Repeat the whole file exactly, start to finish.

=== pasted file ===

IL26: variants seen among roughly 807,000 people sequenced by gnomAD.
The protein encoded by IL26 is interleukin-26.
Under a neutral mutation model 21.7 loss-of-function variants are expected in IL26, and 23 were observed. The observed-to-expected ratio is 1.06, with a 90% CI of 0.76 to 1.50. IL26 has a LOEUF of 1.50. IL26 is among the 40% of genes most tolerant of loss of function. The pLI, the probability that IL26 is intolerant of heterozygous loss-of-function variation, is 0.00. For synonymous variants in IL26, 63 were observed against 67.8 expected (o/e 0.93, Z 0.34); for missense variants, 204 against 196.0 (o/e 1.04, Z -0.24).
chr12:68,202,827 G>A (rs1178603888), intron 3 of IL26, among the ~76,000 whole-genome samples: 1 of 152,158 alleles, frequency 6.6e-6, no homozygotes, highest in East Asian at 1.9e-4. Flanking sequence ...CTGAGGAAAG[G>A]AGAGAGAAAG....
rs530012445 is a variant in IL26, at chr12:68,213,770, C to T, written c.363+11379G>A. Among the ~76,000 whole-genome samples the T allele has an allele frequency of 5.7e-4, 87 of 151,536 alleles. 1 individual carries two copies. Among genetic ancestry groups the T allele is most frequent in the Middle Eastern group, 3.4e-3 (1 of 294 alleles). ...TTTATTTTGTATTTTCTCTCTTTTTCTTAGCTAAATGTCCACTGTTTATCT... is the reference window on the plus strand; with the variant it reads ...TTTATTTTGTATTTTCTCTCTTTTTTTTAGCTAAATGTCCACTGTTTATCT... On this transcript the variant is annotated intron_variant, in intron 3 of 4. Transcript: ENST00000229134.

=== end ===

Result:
IL26: variants seen among roughly 807,000 people sequenced by gnomAD.
The protein encoded by IL26 is interleukin-26.
Under a neutral mutation model 21.7 loss-of-function variants are expected in IL26, and 23 were observed. The observed-to-expected ratio is 1.06, with a 90% CI of 0.76 to 1.50. IL26 has a LOEUF of 1.50. IL26 is among the 40% of genes most tolerant of loss of function. The pLI, the probability that IL26 is intolerant of heterozygous loss-of-function variation, is 0.00. For synonymous variants in IL26, 63 were observed against 67.8 expected (o/e 0.93, Z 0.34); for missense variants, 204 against 196.0 (o/e 1.04, Z -0.24).
chr12:68,202,827 G>A (rs1178603888), intron 3 of IL26, among the ~76,000 whole-genome samples: 1 of 152,158 alleles, frequency 6.6e-6, no homozygotes, highest in East Asian at 1.9e-4. Flanking sequence ...CTGAGGAAAG[G>A]AGAGAGAAAG....
rs530012445 is a variant in IL26, at chr12:68,213,770, C to T, written c.363+11379G>A. Among the ~76,000 whole-genome samples the T allele has an allele frequency of 5.7e-4, 87 of 151,536 alleles. 1 individual carries two copies. Among genetic ancestry groups the T allele is most frequent in the Middle Eastern group, 3.4e-3 (1 of 294 alleles). ...TTTATTTTGTATTTTCTCTCTTTTTCTTAGCTAAATGTCCACTGTTTATCT... is the reference window on the plus strand; with the variant it reads ...TTTATTTTGTATTTTCTCTCTTTTTTTTAGCTAAATGTCCACTGTTTATCT... On this transcript the variant is annotated intron_variant, in intron 3 of 4. Transcript: ENST00000229134.